There are three people. Person A, Person B and you yourself. Person A somehow manages to get the login details of your email account, i.e. username and password, and writes it down on a piece of paper and stores it in a place which he/she considers is secretive enough, but it really is not. Person B manages to find that piece of paper which Person A had hidden, accesses your email account and misuses the information for his/her personal gain. Aren’t both Person A and Person B equally culpable in this little story?
Through the course of this article, we’ll show that Person A in this story is the team at National Informatics Center (NIC) who designed and developed the eHospital hospital management software. NIC is the prime builder of e-Government / e-Governance applications for Government of India. This story will show how NIC released a horribly designed application which published a secret token in a non-secure manner. Abhinav Srivastav got hold of this secret token and gained unauthorised access to Aadhar data.
What is Abhinav Srivastav accused of?
As reported by Indian Express, Srivastava had accessed UIDAI (Aadhaar) data without authorisation between January 1 and July 26 for an app called ‘eKYC Verification’. The app delivered demographic data like name, address, phone number of individuals from the central identities data depository of Aadhaar to authenticate unique identity numbers. It was placed on Google Play Store with the claim that it was developed by an entity called myGov linked to the start-up Qarth Technologies, which had been acquired by the taxi hailing service Ola in 2016. Further, Times of India reported the police version which stated that Srivastav accessed Aadhaar data through the e-hospital application hosted by the government’s National Informatics Centre (NIC). Quint reported a follow up statement by Bengaluru Police which stated that Srivastav had exploited weak security protocols of the e-hospital system, a government server, for easy access of Aadhaar data.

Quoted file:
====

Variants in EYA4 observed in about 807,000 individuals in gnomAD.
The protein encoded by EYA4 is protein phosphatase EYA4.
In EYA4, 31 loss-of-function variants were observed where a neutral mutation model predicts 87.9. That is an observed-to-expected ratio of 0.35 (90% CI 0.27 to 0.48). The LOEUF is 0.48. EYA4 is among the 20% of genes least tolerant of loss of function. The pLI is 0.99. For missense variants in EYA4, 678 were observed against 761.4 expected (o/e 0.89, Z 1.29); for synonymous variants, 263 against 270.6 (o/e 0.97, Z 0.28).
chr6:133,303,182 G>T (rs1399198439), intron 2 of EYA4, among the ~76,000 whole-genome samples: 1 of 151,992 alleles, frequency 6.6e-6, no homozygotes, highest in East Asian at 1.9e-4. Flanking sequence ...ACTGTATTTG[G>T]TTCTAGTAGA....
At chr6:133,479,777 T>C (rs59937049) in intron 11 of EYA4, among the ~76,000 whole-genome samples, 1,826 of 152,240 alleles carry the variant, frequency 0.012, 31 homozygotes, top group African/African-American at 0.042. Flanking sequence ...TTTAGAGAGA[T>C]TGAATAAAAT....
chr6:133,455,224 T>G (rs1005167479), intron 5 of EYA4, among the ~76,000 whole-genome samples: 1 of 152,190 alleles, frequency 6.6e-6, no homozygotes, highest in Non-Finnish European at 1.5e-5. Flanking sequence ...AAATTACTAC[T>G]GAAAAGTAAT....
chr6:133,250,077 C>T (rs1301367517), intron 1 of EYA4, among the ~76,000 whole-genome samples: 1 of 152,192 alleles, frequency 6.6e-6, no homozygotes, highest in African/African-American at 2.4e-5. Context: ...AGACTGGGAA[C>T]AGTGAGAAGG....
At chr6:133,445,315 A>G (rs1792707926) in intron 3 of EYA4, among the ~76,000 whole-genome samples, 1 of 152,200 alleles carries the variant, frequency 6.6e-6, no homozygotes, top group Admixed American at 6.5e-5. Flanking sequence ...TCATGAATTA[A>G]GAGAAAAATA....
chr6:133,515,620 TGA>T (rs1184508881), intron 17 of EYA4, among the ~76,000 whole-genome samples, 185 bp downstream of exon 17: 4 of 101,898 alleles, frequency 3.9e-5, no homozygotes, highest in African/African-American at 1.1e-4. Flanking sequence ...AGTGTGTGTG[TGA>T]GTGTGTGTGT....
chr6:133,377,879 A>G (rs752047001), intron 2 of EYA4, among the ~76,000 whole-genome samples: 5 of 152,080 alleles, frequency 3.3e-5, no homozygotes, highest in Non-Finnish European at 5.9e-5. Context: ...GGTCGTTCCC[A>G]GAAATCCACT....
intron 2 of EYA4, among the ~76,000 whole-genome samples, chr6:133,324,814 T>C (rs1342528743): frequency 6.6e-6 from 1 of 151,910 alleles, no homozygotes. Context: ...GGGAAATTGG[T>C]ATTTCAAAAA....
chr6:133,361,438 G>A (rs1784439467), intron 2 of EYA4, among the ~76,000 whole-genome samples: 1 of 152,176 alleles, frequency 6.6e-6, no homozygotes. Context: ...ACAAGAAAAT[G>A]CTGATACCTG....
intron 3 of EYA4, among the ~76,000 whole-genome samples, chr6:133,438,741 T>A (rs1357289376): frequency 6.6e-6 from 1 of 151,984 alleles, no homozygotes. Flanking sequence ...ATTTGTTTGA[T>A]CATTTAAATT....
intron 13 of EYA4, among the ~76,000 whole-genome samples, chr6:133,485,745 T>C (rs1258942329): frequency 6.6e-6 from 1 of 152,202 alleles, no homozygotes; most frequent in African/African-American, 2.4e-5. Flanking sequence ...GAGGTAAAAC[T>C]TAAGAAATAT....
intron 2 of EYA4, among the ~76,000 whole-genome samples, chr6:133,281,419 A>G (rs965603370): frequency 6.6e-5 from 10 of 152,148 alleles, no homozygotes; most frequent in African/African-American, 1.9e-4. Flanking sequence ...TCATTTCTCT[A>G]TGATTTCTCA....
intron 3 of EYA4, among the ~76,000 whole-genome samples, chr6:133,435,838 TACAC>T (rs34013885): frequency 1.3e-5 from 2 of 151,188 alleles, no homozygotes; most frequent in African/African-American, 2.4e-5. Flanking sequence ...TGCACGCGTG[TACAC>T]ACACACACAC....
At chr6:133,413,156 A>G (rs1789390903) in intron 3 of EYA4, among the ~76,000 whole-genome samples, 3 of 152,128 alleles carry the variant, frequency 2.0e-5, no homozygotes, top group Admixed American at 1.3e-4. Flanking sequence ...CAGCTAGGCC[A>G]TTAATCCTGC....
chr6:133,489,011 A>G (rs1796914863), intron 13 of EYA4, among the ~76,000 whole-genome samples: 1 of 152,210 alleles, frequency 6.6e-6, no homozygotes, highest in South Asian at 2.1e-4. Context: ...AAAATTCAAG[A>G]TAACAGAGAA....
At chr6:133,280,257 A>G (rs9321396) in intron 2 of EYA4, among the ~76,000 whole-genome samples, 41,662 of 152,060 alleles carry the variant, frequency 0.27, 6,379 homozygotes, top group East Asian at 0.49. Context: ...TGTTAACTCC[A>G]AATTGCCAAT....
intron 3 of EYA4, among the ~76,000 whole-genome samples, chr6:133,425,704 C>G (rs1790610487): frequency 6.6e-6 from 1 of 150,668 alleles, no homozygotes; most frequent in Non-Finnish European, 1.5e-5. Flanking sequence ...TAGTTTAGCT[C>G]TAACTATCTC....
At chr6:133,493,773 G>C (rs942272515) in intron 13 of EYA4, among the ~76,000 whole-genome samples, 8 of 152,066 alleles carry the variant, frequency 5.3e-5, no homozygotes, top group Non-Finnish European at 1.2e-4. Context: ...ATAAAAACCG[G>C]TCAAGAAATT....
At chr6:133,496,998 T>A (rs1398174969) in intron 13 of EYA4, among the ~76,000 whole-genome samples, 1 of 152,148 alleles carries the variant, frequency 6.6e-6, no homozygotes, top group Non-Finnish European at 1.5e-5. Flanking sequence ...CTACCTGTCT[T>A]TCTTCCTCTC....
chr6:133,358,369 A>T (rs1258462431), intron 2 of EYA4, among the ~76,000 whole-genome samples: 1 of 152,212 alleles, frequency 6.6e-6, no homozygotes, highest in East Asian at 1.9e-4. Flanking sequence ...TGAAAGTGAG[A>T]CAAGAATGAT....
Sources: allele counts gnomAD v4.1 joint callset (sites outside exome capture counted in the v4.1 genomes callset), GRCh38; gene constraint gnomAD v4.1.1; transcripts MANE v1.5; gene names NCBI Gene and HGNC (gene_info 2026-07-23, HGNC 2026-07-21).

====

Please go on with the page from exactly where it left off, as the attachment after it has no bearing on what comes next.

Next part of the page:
To understand how Abhinav Srivastav exploited the eHospital system, it is necessary to have a basic understanding of eHospital, Aadhaar/UIDAI and the eKYC service offered by UIDAI.
What is eHospital?
According to the eHospital website, it is a Hospital Management System designed and developed by NIC for Government sector hospitals across India. It is a generic software which covers major functional areas like patient care, laboratory services, work flow based document information exchange, human resource and medical records management of a Hospital.